The Role of Predictive Analytics in Retail Banking


The combination of human interaction and AI’s predictive analytics will drive success through informed decision-making, better rick management, and improved customer experiences.

The rapid development of new technologies usually creates a constant cycle of cutting-edge tools appearing in the spotlight and overshadowing the last new thing. Yet since sophisticated artificial intelligence’s (AI) explosive arrival onto the tech scene, this powerhouse technology’s popularity shows no signs of diminishing. By 2027, the AI market is expected to reach a remarkable $407 billion, up from about $87 billion in 2022.

In today’s ultra-competitive business landscape, industries failing to embrace this burgeoning technology will lag behind those that do. A 2020 survey found that 77% of bankers think the future success of banks will hinge on their ability to use AI technology effectively.

Many banks are already taking advantage of AI, leveraging it for customer service improvement, fraud detection, and risk management. AI-powered chatbots and automated loan decisioning have become more common, allowing banks to provide personalized assistance to their customers on demand.

Fostering customer trust is more important than ever, with the banking industry in turmoil after SVB’s March collapse. The smartest institutions will balance the power of AI’s predictive analytics with traditional human interactions to enhance user experiences that drive loyalty and retention.

AI with a human touch

Even with the many digital channels available, some people will choose in-person banking. According to McKinsey research, 28% of banking customers prefer physical branches. Even with sophisticated AI, the banking landscape still needs humans to interpret the data insights produced by predictive analytics. That wealth of data is meaningless without a person to understand its significance.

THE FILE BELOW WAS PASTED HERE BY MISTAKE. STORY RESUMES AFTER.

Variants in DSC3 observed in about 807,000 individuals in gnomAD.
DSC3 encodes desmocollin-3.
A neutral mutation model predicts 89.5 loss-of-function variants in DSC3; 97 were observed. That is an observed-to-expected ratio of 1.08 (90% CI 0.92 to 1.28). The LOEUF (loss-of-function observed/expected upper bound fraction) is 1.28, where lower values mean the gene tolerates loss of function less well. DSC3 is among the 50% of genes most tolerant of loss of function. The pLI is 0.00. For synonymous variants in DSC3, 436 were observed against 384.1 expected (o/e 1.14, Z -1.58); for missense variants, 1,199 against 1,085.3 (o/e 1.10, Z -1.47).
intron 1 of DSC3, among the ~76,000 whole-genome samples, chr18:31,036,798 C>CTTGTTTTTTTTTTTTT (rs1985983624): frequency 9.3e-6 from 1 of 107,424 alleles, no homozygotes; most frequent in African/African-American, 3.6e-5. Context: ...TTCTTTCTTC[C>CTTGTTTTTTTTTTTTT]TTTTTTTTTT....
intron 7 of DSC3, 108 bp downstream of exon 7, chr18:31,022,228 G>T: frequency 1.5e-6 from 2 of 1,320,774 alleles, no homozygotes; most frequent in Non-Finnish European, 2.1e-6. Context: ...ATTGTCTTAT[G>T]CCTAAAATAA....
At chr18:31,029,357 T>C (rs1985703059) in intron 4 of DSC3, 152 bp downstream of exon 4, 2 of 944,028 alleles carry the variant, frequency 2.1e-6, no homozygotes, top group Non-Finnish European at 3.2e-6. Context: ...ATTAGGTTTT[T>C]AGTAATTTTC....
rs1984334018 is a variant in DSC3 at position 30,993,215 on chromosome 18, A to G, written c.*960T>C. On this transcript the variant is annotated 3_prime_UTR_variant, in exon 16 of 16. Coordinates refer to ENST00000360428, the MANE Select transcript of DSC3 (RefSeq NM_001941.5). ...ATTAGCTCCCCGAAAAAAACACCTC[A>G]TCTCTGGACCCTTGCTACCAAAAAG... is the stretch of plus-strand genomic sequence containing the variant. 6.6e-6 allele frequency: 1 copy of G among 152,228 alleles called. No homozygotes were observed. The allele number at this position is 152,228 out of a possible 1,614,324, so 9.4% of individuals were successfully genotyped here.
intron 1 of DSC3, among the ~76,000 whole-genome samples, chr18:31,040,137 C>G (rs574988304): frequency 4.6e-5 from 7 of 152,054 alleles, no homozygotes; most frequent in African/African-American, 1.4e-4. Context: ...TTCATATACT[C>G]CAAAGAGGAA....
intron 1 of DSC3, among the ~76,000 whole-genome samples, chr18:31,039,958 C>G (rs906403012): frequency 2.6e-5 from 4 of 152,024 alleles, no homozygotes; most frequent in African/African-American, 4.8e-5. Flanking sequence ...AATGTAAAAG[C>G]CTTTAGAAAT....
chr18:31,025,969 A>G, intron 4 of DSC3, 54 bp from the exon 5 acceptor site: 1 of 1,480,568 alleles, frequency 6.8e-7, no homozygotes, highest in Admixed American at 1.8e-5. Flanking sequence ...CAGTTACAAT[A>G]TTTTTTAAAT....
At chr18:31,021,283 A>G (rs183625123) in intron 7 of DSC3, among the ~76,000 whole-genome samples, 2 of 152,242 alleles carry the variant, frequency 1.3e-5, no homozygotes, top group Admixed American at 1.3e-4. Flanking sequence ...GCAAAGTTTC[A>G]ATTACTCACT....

Beyond analysis, some problems are too nuanced and complicated for AI to parse. In these instances, AI can answer customer FAQs and automate time-consuming, repetitive processes, freeing up live representatives’ time to tackle the most complex issues.

See also: Predictive Analytics, ML, AI – Do I Have to Choose?

AI on its own

Sometimes, however, customers do feel more comfortable with AI than humans. Financial troubles remain a very sensitive issue to discuss, with many people worried about their financial future and unsure of what steps to take. Shame and fear of judgment prevent people from seeking help to get their finances back on track. Interacting with a chatbot incapable of judgment offers one option for asking questions and receiving guidance. AI can quickly aggregate and synthesize complex datasets — credit reports, budgets, income, expenses, and more — and provide personalized financial advice and feedback in seconds.

Many younger people also prefer to interact solely with AI since they’re accustomed to interactions via text and conducting “back and forth” virtual conversations at their convenience. Those looking to change their financial habits need education, introduction of new habits, and a measure of accountability to sustain behavioral change. An AI-driven virtual assistant can provide that support and encouragement through the gamification of financial habit changes. When someone makes positive changes, AI provides “rewards” to further encourage the behavior. AI can also send out reminders when a customer must take specific actions to keep their financial journey on track.

See also: Future-Proofing Banking: 4 Steps Toward a Tech-Driven Customer Experience

Significance of predictive analytics

Predictive analytics uses data to identify patterns that could forecast potential outcomes. Benefits of this technology for banks include:

Informing decision-making. Predictive analytics analyzes historical data to find trends and patterns predicting customer behavior and preferences. These valuable insights can fuel innovation, enhancing product and service offerings. If the data suggests a bank’s customers want financial guidance, that information can catalyze the bank’s decision to develop empowering educational resources.